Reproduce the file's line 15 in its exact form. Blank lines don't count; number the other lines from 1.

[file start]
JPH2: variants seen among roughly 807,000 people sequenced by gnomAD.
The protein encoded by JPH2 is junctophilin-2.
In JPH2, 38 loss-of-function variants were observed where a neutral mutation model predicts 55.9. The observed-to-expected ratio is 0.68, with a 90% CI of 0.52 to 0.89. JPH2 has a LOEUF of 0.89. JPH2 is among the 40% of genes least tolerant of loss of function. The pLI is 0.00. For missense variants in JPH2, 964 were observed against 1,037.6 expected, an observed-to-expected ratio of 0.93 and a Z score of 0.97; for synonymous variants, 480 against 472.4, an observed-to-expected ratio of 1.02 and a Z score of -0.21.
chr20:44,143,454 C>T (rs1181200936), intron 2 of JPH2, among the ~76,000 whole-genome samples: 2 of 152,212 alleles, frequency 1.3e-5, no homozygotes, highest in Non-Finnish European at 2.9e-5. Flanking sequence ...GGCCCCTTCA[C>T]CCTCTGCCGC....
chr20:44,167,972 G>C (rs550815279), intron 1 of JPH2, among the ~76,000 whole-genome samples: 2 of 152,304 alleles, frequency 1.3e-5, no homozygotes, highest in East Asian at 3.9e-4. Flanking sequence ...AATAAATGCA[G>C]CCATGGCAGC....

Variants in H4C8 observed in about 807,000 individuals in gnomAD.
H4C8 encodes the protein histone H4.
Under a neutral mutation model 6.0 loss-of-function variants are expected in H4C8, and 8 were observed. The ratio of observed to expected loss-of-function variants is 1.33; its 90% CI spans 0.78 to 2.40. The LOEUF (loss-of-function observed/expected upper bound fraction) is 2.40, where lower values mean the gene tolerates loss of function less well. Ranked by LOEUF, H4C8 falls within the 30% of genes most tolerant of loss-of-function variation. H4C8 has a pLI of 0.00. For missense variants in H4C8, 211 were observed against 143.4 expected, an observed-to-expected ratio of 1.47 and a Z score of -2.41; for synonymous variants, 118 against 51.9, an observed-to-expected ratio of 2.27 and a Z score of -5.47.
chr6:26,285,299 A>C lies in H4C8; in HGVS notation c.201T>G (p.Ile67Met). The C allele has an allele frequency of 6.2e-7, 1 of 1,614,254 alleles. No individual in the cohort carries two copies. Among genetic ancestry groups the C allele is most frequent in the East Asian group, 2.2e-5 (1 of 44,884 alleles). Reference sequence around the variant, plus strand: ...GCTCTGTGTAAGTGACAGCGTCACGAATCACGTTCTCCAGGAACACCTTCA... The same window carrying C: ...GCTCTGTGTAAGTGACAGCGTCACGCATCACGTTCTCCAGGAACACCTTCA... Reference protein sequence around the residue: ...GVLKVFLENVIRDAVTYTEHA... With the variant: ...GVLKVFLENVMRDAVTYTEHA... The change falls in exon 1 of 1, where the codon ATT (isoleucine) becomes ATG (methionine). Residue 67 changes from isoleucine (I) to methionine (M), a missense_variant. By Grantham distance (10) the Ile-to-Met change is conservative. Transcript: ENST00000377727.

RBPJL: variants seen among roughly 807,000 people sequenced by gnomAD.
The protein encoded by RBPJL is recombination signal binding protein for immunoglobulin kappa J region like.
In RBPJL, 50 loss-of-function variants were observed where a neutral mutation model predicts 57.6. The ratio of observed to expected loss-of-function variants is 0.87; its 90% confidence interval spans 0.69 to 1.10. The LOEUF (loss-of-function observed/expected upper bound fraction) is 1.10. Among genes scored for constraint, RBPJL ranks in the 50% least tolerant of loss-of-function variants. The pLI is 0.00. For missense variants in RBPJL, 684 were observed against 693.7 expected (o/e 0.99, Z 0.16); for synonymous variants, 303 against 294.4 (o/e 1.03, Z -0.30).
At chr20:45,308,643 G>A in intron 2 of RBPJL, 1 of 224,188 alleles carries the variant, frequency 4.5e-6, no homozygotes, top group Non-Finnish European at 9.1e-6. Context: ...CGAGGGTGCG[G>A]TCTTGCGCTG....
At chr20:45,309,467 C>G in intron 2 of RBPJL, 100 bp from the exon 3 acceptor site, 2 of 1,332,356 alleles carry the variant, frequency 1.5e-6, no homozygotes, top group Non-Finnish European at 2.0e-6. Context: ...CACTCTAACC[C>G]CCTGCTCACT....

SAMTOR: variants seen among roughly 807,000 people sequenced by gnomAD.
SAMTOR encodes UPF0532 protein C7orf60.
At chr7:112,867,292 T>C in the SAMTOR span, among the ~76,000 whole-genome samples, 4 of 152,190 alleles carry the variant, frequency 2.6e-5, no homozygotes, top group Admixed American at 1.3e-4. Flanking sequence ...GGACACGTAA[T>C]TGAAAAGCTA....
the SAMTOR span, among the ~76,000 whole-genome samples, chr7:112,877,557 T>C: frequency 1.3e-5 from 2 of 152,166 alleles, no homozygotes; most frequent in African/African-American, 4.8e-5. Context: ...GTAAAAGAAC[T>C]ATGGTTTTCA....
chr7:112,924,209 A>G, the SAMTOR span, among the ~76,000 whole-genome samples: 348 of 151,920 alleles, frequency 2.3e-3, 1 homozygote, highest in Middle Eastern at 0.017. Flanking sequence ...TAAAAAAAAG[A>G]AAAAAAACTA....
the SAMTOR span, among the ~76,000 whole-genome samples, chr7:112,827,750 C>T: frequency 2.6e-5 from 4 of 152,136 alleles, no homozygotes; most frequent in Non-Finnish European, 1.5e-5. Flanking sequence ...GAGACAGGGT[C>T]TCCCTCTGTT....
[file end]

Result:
SAMTOR: variants seen among roughly 807,000 people sequenced by gnomAD.